By John Greenewald, Jr. – The Black Vault – Originally Published October 18, 2019
Just last month, the U.S. Navy went on the record stating that three videos that have circulated the mainstream media in the last two years were, in fact, considered “Unidentified Aerial Phenomena” or UAPs. Now, recently obtained e-mails from the Navy and the Air Force reveal that ranking members of both branches express different views on what they refer to as a “phenomena,” along with showing disagreement with how the overall story is being reported by the mainstream media.
The series of documents were provided to The Black Vault through two different Freedom of Information Act (FOIA) requests to the Navy and to the Air Force. Records were released for both requests in June and October respectively.
Navy E-Mails Outline Different UAP Narrative
The Navy released to The Black Vault in late June nearly one hundred pages of correspondence relating to the “UFO Guidelines” first reported by Politico in April. The emails consist primarily of correspondence from outside journalists and media agencies all looking to cover the news about the “UFO Guidelines” that Politico broke, but also within those messages, were internal communications by Navy personnel not yet seen by the general public, until their release to The Black Vault.
One such message offers much more detail about the “UFO Guidelines” than previously reported. However, what it outlines is a much different narrative than the one published largely by the mainstream media. Nowhere in the three hundred and sixty nine word statement does “unidentified” appear; nor is there anything about any “phenomena.” On the contrary, the statement offered a much more nuts-and-bolts, identifiable definition, but a threat to the Navy none-the-less.
“The wide proliferation and availability of inexpensive unmanned aerial systems (UAS) such as commercially available quadcopters has increasingly made airspace de‐confliction an issue for our aviators,” said John “Jay” Stratton, an Office of Naval Intelligence Senior Analyst from the Nimitz Operational Intelligence Center. “Based on this increased airspace complexity, US Navy aircrew were provided with reporting instructions in order to determine the frequency and location of any UAS operating in our training areas.”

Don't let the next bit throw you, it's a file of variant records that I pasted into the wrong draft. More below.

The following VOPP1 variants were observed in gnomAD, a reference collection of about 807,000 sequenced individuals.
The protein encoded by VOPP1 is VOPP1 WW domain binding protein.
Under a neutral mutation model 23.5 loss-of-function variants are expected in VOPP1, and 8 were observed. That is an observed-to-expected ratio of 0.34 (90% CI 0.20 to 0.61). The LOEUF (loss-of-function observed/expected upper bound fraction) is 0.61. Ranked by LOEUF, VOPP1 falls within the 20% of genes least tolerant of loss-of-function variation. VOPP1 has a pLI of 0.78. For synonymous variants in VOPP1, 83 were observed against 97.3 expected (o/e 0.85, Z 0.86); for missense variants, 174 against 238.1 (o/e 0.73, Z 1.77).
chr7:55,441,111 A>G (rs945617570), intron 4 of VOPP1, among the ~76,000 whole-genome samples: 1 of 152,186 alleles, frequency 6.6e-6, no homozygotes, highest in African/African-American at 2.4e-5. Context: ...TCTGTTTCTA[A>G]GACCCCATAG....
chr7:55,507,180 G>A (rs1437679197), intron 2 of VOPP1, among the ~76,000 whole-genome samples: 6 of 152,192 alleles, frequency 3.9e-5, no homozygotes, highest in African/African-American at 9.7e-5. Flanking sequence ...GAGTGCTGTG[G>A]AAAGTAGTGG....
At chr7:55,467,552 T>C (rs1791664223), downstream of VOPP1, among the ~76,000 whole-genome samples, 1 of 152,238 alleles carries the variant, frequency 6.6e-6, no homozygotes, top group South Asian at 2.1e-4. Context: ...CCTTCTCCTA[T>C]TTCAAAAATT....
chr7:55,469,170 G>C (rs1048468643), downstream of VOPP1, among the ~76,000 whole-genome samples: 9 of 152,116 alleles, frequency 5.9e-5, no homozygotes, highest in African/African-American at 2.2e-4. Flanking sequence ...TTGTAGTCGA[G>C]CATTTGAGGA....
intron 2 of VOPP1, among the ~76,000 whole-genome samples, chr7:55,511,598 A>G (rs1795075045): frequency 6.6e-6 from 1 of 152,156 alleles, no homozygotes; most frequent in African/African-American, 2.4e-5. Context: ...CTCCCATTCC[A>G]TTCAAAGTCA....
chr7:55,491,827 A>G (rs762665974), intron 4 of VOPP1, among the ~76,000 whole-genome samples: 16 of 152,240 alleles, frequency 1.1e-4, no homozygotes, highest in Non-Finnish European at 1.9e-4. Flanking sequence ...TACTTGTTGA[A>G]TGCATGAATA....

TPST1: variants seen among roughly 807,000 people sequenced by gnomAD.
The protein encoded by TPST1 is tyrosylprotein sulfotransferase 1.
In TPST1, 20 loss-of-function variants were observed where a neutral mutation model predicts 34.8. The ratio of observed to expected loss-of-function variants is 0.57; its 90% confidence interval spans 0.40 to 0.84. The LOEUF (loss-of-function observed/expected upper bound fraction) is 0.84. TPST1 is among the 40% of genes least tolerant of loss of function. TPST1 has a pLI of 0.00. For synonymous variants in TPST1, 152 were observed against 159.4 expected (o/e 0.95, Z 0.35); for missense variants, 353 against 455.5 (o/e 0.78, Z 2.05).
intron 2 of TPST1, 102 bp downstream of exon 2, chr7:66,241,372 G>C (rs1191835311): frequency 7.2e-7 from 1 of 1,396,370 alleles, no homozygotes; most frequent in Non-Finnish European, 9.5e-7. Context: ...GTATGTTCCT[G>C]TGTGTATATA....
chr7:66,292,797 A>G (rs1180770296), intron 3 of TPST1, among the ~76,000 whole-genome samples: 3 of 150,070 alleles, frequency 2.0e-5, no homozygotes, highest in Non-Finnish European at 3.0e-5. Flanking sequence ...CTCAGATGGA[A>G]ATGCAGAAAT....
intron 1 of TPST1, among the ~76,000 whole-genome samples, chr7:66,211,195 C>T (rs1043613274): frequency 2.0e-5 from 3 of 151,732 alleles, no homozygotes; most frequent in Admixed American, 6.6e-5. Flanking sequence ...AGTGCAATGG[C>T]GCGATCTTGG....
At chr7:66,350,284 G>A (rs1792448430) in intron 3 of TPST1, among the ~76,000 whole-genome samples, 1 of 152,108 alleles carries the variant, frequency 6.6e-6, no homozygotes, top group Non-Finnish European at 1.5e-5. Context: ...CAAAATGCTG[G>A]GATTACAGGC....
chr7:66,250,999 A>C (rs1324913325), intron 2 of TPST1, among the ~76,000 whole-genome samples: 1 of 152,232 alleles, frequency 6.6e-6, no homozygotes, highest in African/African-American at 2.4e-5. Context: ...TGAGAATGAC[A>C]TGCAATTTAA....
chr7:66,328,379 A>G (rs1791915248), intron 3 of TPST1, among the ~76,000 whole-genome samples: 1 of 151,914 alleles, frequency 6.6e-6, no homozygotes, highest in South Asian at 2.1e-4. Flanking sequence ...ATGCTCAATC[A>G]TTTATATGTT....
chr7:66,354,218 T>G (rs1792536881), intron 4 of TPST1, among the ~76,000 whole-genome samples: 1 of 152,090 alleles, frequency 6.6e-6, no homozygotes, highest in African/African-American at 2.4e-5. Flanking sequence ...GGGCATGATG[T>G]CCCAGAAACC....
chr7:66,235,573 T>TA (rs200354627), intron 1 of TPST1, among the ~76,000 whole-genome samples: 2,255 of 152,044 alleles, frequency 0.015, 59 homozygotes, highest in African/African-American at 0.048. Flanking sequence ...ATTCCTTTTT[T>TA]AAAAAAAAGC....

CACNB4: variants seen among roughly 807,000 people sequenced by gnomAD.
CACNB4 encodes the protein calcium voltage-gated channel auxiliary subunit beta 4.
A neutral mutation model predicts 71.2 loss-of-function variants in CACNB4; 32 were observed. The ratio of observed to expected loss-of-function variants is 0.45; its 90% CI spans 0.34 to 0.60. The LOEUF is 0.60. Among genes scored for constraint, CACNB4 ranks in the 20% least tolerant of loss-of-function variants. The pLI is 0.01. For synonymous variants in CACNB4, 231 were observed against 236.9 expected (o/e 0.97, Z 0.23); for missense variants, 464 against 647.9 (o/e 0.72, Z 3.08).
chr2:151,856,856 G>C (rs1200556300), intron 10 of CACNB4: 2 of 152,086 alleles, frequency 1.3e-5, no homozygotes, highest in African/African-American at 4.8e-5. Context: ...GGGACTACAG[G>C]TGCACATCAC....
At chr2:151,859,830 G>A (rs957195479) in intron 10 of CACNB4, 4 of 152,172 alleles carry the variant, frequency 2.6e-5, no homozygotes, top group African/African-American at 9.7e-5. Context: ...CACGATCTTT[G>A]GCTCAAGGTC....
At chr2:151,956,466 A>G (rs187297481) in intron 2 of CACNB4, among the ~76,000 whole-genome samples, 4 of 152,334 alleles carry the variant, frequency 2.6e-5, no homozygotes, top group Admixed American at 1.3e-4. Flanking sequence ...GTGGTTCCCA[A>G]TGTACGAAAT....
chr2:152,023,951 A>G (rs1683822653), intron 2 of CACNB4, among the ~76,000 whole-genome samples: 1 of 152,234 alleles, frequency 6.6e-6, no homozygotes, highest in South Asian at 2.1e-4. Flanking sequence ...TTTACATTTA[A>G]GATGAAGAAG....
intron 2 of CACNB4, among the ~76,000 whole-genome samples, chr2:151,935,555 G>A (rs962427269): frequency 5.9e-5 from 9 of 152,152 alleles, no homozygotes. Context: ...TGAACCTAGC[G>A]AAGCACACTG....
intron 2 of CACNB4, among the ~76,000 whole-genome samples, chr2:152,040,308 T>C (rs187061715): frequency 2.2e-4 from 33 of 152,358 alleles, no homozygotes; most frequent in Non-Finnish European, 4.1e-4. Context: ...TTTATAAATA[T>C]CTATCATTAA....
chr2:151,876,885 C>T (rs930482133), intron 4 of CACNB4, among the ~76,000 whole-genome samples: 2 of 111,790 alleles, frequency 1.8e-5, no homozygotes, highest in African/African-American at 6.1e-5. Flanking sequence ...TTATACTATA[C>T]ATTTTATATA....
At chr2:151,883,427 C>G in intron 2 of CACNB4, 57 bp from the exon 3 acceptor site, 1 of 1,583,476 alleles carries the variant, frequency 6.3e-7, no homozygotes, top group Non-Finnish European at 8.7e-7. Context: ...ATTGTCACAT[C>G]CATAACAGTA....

Some of Stratton’s wording should sound familiar to those with a sharp memory. Although it is unclear if Stratton’s version of the Navy statement was truly the original to be crafted (the e-mail in the release is dated after the Politico article), it is likely that it was. Joseph Gradisher, spokesperson for the Deputy Chief of Naval Operations for Information Warfare, was the one responsible for issuing shorter, but similar statement that was later published by Politico, and repeated throughout multiple media outlets in the days that followed.
Stratton was never quoted or was responsible for issuing any statements to the media. His take, was internal only.
Gradisher refers to Stratton in an internal e-mail dated May 7, 2019, as having “provided most of the info” that he used to craft the “UFO Guideline” statements that he had sent to Politico. (The date discrepancy on Stratton’s e-mail could be explained by the fact it may have been a copy and paste from another e-mail thread, however that cannot be verified as the Pentagon did not respond to multiple requests for comment on this story.) However, in the final statements that Gradisher sent to Politico, he inserted “unidentified aircraft” within the wording, as they related to UAS’, however, there was still no reference to “UFOs,” “UAPs,” or any “phenomena.” Once that two-word phrase was issued, it was then morphed into “UFO” by the mainstream media.
Classified Briefing Details Revealed
The e-mails also reveal that Stratton was the one who conducted at least one of the classified briefing on UAPs, a fact not yet reported by the mainstream media.
“OLA [Office of Legislative Affairs] is responding to interest from staff members of both chambers of Congress, led by the national security advisors to Senators McConnell (majority leader) and Schumer (minority leader) and will also likely include House staff, as well as staff from the Armed Services Committees,” one e-mail stated sent from a sender whose name was redacted. “With N2N6 concurrence, Mr. Jay Stratton (DISL, ONI NIMITZ) will brief Congressional staff in a classified session on Tues 7 May on the Navy’s efforts in this area.” N2N6 refers to the Deputy Chief of Naval Operations for Information Dominance.